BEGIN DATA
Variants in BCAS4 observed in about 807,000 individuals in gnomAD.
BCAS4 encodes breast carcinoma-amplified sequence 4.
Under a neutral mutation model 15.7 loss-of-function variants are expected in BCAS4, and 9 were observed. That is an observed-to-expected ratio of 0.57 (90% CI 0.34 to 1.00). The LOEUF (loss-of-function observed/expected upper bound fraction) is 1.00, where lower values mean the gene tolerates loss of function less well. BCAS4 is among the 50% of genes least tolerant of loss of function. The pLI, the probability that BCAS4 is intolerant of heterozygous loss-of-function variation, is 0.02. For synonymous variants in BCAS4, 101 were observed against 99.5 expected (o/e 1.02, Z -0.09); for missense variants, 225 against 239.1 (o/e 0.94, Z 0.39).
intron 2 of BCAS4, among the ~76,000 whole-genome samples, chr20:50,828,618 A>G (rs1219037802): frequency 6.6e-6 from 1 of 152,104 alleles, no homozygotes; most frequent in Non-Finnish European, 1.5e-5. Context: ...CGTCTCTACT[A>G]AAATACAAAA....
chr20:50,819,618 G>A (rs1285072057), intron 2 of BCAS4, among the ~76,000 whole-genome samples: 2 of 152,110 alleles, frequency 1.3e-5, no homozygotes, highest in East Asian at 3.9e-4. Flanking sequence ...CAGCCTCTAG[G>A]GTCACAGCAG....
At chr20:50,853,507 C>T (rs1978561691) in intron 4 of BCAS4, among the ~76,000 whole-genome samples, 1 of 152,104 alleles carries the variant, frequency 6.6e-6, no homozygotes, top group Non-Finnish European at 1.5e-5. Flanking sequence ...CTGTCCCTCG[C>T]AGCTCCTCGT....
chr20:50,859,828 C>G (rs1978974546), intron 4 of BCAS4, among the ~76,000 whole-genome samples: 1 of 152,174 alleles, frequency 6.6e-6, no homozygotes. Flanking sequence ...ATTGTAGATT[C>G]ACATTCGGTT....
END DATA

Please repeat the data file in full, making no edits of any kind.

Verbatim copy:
Variants in BCAS4 observed in about 807,000 individuals in gnomAD.
BCAS4 encodes breast carcinoma-amplified sequence 4.
Under a neutral mutation model 15.7 loss-of-function variants are expected in BCAS4, and 9 were observed. That is an observed-to-expected ratio of 0.57 (90% CI 0.34 to 1.00). The LOEUF (loss-of-function observed/expected upper bound fraction) is 1.00, where lower values mean the gene tolerates loss of function less well. BCAS4 is among the 50% of genes least tolerant of loss of function. The pLI, the probability that BCAS4 is intolerant of heterozygous loss-of-function variation, is 0.02. For synonymous variants in BCAS4, 101 were observed against 99.5 expected (o/e 1.02, Z -0.09); for missense variants, 225 against 239.1 (o/e 0.94, Z 0.39).
intron 2 of BCAS4, among the ~76,000 whole-genome samples, chr20:50,828,618 A>G (rs1219037802): frequency 6.6e-6 from 1 of 152,104 alleles, no homozygotes; most frequent in Non-Finnish European, 1.5e-5. Context: ...CGTCTCTACT[A>G]AAATACAAAA....
chr20:50,819,618 G>A (rs1285072057), intron 2 of BCAS4, among the ~76,000 whole-genome samples: 2 of 152,110 alleles, frequency 1.3e-5, no homozygotes, highest in East Asian at 3.9e-4. Flanking sequence ...CAGCCTCTAG[G>A]GTCACAGCAG....
At chr20:50,853,507 C>T (rs1978561691) in intron 4 of BCAS4, among the ~76,000 whole-genome samples, 1 of 152,104 alleles carries the variant, frequency 6.6e-6, no homozygotes, top group Non-Finnish European at 1.5e-5. Flanking sequence ...CTGTCCCTCG[C>T]AGCTCCTCGT....
chr20:50,859,828 C>G (rs1978974546), intron 4 of BCAS4, among the ~76,000 whole-genome samples: 1 of 152,174 alleles, frequency 6.6e-6, no homozygotes. Flanking sequence ...ATTGTAGATT[C>G]ACATTCGGTT....